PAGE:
Click "Review and Launch" and then "Launch."



You need to download the Key Pair. This is what allows you to use the instance. Save it on your local computer. If you lose this, you will need to copy your instance and create a new key pair. Download key pair and click launch instance.

For the key, I put it in a folder on my desktop called EC2.

Your instance is now launching. You will also get a notice about billing alerts. I recommend you set these up to make sure you don't accidentally leave a paid instance running.



Follow the instruction on Amazon.

After that, return to your AWS tab. Click the orange box in the top left and click on EC2 again. This will bring you to the screen that you will always use when accessing your instances.

The first time, you might see a status check on your instances saying "Initializing." Wait for that to finish.

Every Time You Use EC2

On the left bar, under "Network & Security," click on Security groups. Then click on the security group you just created and the "Inbound" tab. This sets what is allowed to use the instance. Click Edit to allow access from the computer you're using. (I have to do this each time I use the instance. If there is a way around, let me know.)11_security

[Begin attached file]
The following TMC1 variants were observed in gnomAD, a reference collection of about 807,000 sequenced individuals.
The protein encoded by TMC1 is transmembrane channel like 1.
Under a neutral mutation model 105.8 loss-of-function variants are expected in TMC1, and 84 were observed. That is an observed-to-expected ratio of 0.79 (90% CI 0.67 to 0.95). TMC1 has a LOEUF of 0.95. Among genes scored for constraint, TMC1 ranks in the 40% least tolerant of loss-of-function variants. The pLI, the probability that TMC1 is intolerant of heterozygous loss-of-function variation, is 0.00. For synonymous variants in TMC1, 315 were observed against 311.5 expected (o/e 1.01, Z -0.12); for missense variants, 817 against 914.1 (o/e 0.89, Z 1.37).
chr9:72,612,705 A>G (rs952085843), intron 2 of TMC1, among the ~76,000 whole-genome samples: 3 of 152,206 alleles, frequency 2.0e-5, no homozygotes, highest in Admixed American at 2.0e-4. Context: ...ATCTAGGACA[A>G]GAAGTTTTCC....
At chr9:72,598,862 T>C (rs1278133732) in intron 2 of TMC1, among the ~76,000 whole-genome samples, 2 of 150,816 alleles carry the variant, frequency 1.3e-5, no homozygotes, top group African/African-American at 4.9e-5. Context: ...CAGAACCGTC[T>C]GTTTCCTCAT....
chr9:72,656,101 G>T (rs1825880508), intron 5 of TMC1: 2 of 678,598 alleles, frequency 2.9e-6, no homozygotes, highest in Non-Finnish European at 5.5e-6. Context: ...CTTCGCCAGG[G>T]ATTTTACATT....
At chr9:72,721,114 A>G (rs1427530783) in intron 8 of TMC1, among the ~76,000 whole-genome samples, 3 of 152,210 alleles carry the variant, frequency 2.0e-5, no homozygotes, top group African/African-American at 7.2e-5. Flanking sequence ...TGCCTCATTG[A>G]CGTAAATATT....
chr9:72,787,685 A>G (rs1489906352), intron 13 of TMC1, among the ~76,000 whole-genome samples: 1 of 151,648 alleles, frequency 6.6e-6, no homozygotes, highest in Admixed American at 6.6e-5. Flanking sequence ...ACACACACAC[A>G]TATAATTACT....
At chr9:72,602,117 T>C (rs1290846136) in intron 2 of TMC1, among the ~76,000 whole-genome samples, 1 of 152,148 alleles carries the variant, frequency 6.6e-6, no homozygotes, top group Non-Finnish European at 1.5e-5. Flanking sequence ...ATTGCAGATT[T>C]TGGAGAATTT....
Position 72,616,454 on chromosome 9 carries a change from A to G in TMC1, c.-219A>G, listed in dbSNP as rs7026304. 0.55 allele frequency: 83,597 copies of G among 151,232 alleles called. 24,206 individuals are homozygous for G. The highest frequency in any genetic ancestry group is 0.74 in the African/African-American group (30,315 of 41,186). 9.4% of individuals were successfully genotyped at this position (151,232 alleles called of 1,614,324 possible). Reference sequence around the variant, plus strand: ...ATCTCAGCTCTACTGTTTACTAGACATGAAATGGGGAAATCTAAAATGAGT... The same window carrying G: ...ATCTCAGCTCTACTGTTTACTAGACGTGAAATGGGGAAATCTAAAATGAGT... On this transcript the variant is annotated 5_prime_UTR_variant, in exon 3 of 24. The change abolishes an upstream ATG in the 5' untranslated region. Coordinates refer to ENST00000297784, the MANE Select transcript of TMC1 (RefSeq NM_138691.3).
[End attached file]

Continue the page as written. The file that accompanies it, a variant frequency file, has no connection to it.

Again, on the left bar, click on Instances. Then click the instance you want to use, likely the only one you have. On the bottom half of the page, you should see a Public DNS. Copy the Public DNS for later use.

Now, it is finally time to get into the instance.

On your local machine, open up a Terminal Window.  Change directories to the folder that has your .pem file that you just saved.

(Note: The first time you access your instance, you will have to type "chmod 600 name_of_your.pem".

Type ssh -X -i "the name of your pem file" ubuntu@ "your public DNS that you copied"


You are now in your very own instance. Congrats. You computing are on the cloud. Give yourself a pat on the back. That wasn't so hard.

To make sure, type "pwd" to make sure you aren't in your local directory. Type "ls" to see the instance is clear, nothing fancy going on.

One Time: Installing Software

Well, the instance is pretty worthless now. There is nothing on it. Installing programs is simple enough. I use the list below. I use EC2 for Python (and various packages connected to Python).